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#atsb preliminary report into B200 Essendon crash released

#atsb preliminary report into B200 Essendon crash released today.

SMH report below.

A lot of work yet to determine the causal links in this accident.

Earlier reprot on Essendon accident

No engine failure on Essendon crash plane before impact: investigators

 Tom Cowie

  • Tom Cowie
    Both engines on a light plane that crashed into an Essendon shopping centre killing all five people on board appeared to have been working before impact, a crash report has found.

Investigators from the Australian Transport Safety Bureau have been sifting through the wreckage of the Beechcraft King Air B200, which crashed shortly after take-off at Essendon Airport on February 21.


Investigators at the site of the Essendon plane crash. Photo: Joe Armao

Pilot Max Quartermain, 63, made seven mayday calls before the crash, according to air traffic control records. The doomed flight lasted just nine seconds.

The plane was bound for King Island for a golf trip when it smashed into the roof of the DFO shopping centre next to the Tullamarine Freeway. Four American passengers on board were also killed.


Aircraft track from Airservices Australia data.Aircraft track from Airservices Australia data. Photo: ATSB

A preliminary report released on Wednesday found that the cores of both the plane’s engines had been rotating before the crash and that there was no evidence of pre-impact failure of their internal components.

“On-site examination of the wreckage did not identify any pre-existing faults with the aircraft that could have contributed to the accident,” the report said.

The engines were also removed from the scene where they were disassembled and examined at a secure facility with the assistance of the engine manufacturer.

At the time of the crash, police suspected that “catastrophic engine failure” was the cause of the disaster. Mr Quartermain was being investigated over a “near collision” with another plane on Mount Hotham in September 2015.



The plane’s propellers were also inspected and showed evidence of rotation, the safety bureau said.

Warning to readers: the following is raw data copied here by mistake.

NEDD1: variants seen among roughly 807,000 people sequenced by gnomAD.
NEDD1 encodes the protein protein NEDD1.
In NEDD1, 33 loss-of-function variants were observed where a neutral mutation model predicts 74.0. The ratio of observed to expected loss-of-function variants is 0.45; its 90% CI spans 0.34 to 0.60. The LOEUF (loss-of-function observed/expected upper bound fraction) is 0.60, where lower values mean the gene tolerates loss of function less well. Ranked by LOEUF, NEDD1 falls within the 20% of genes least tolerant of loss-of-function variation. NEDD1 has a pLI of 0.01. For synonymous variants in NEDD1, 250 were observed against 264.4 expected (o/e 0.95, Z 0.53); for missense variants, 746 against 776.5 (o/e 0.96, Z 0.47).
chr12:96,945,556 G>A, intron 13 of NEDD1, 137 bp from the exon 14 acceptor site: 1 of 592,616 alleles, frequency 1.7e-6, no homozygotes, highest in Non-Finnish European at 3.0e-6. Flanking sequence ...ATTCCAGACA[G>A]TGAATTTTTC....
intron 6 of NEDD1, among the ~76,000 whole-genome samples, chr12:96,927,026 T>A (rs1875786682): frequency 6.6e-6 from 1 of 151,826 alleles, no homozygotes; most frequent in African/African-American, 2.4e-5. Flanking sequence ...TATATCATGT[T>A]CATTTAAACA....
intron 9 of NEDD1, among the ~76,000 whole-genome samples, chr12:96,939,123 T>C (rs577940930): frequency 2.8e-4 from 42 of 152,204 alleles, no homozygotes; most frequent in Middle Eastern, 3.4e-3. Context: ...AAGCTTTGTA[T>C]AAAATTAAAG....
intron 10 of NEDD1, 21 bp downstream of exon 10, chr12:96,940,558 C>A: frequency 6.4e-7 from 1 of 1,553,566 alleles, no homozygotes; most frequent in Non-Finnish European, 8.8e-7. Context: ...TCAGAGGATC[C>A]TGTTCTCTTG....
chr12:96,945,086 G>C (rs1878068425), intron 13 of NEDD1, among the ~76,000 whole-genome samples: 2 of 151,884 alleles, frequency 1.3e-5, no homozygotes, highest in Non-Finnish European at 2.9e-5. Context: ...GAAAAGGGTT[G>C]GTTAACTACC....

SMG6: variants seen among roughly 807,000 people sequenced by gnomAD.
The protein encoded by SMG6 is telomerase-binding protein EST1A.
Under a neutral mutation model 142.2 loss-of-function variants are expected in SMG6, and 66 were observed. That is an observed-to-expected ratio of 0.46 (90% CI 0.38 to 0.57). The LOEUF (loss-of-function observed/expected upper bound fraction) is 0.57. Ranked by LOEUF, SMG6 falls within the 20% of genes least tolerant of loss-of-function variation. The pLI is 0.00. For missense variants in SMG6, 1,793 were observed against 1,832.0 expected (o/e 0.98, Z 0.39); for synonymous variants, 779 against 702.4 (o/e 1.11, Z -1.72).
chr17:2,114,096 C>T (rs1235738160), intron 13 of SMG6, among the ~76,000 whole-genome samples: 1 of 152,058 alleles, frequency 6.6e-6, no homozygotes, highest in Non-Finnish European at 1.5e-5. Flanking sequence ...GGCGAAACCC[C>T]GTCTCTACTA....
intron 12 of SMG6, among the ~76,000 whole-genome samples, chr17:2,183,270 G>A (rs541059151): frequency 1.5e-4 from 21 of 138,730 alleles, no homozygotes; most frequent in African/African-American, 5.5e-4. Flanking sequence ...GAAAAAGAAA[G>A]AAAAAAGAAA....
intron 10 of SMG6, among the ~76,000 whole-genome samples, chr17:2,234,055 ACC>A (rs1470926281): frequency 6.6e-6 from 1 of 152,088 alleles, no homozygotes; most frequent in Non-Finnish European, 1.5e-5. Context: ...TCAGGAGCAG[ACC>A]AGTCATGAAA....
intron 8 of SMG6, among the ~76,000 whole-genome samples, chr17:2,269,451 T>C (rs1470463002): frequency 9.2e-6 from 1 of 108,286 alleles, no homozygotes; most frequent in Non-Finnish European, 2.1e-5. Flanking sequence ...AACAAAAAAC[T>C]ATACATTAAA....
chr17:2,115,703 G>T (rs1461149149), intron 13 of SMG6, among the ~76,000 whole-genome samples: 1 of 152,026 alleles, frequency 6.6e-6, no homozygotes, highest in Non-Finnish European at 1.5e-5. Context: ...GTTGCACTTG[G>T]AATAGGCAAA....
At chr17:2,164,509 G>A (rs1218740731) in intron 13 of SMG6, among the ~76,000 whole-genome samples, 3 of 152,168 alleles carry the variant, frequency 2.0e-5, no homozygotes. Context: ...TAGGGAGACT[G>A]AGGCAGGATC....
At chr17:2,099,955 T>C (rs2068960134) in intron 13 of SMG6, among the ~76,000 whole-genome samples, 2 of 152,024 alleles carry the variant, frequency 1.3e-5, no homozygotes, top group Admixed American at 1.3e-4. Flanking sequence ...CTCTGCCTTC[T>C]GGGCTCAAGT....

The components have been retained for further testing.



The plane’s cockpit voice recorder, which could have held vital clues to the crash, was recovered, but it had not recorded the flight.

The safety bureau said it was investigating the reasons for the recording failure.



Investigation of air traffic control radio traffic revealed Mr Quartermain’s multiple mayday calls but no other information about the nature of the emergency was broadcast.

In trying to piece together the circumstances of the crash, investigators also detailed the plane’s last movements moments before impact.

Witnesses familiar with the aircraft told investigators that the plane’s take-off along the runway was longer than normal. When it became airborne it was observed to twist left.

Data indicated the aircraft reached approximately 160 ft (49 metres) above the ground as it tracked left before hitting the shopping centre.

ATSB chief commissioner Greg Hood said that while investigators were diligently assessing the physical and digital evidence, the considerable damage to the aircraft was presenting challenges.

“The extensive damage caused by the collision and post-impact fire has meant investigators are yet to determine a clear picture of the causal factors behind the accident and loss of life,” he said.

“I offer my deepest sympathies to the families and loved ones of those on board the aircraft. Every effort is being made to determine the cause of this tragic accident.”

The investigation will continue, focusing on a number of factors, including the pilot’s medical and flight history, a review of the building’s approval process, and the aircraft’s maintenance and operational records.

The final report is due in February 2018.

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